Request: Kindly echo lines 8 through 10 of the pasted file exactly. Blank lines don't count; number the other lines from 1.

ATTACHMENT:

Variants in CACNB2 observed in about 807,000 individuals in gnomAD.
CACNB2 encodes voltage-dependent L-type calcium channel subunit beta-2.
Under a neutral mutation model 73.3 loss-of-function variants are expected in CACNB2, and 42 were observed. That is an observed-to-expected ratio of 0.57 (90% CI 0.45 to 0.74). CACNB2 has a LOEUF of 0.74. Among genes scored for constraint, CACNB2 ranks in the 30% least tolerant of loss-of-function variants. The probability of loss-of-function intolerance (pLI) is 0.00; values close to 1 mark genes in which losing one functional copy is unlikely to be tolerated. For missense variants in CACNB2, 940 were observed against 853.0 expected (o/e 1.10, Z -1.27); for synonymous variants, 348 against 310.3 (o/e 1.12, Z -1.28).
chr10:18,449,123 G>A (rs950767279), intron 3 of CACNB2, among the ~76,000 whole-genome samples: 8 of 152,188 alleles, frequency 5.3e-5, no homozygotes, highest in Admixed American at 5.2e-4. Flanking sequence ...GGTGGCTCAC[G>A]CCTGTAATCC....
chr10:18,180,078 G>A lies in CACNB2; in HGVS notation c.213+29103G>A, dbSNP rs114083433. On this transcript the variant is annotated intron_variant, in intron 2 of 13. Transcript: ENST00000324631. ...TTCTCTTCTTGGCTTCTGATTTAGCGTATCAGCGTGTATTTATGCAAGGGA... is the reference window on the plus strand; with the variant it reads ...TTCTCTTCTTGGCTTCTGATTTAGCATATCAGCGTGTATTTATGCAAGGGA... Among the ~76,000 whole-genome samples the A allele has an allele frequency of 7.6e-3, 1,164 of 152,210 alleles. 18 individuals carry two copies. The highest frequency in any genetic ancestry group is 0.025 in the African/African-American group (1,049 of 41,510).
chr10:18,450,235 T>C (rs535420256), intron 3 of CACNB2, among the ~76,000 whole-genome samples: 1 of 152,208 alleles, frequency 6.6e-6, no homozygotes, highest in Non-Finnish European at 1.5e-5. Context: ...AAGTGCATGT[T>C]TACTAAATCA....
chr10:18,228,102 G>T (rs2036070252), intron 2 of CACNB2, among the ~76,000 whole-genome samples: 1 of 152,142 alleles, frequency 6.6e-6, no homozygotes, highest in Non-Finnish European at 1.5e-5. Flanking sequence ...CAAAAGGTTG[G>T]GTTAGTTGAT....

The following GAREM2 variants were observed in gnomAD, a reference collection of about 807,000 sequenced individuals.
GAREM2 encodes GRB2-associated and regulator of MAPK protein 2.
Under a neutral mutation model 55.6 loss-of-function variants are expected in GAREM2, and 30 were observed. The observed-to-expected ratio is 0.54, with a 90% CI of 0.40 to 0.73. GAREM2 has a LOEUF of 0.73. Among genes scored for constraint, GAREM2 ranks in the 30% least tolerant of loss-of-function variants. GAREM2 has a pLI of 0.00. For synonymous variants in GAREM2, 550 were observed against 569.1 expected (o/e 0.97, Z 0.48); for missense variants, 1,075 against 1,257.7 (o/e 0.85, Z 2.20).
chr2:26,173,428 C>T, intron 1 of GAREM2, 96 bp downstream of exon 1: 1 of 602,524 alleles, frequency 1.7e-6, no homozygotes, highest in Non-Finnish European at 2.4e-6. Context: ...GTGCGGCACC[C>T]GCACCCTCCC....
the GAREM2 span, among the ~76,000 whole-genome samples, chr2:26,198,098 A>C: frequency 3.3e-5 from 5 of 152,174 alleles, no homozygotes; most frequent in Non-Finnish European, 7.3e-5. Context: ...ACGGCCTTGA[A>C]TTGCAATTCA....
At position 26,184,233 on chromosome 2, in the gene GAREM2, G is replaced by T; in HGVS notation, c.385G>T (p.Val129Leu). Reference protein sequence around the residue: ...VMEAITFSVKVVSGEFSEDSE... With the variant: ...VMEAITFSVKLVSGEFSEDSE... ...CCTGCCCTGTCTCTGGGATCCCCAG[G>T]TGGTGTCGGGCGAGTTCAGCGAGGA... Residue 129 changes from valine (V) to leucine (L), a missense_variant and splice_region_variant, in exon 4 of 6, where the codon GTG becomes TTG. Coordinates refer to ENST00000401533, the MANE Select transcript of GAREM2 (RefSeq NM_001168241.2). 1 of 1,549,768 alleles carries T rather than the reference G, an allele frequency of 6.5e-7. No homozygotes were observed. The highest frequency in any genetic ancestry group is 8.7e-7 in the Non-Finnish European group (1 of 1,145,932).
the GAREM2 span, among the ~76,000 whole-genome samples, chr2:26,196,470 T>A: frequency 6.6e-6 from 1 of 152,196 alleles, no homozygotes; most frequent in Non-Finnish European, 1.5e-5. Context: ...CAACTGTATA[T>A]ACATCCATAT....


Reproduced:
The following GAREM2 variants were observed in gnomAD, a reference collection of about 807,000 sequenced individuals.
GAREM2 encodes GRB2-associated and regulator of MAPK protein 2.
Under a neutral mutation model 55.6 loss-of-function variants are expected in GAREM2, and 30 were observed. The observed-to-expected ratio is 0.54, with a 90% CI of 0.40 to 0.73. GAREM2 has a LOEUF of 0.73. Among genes scored for constraint, GAREM2 ranks in the 30% least tolerant of loss-of-function variants. GAREM2 has a pLI of 0.00. For synonymous variants in GAREM2, 550 were observed against 569.1 expected (o/e 0.97, Z 0.48); for missense variants, 1,075 against 1,257.7 (o/e 0.85, Z 2.20).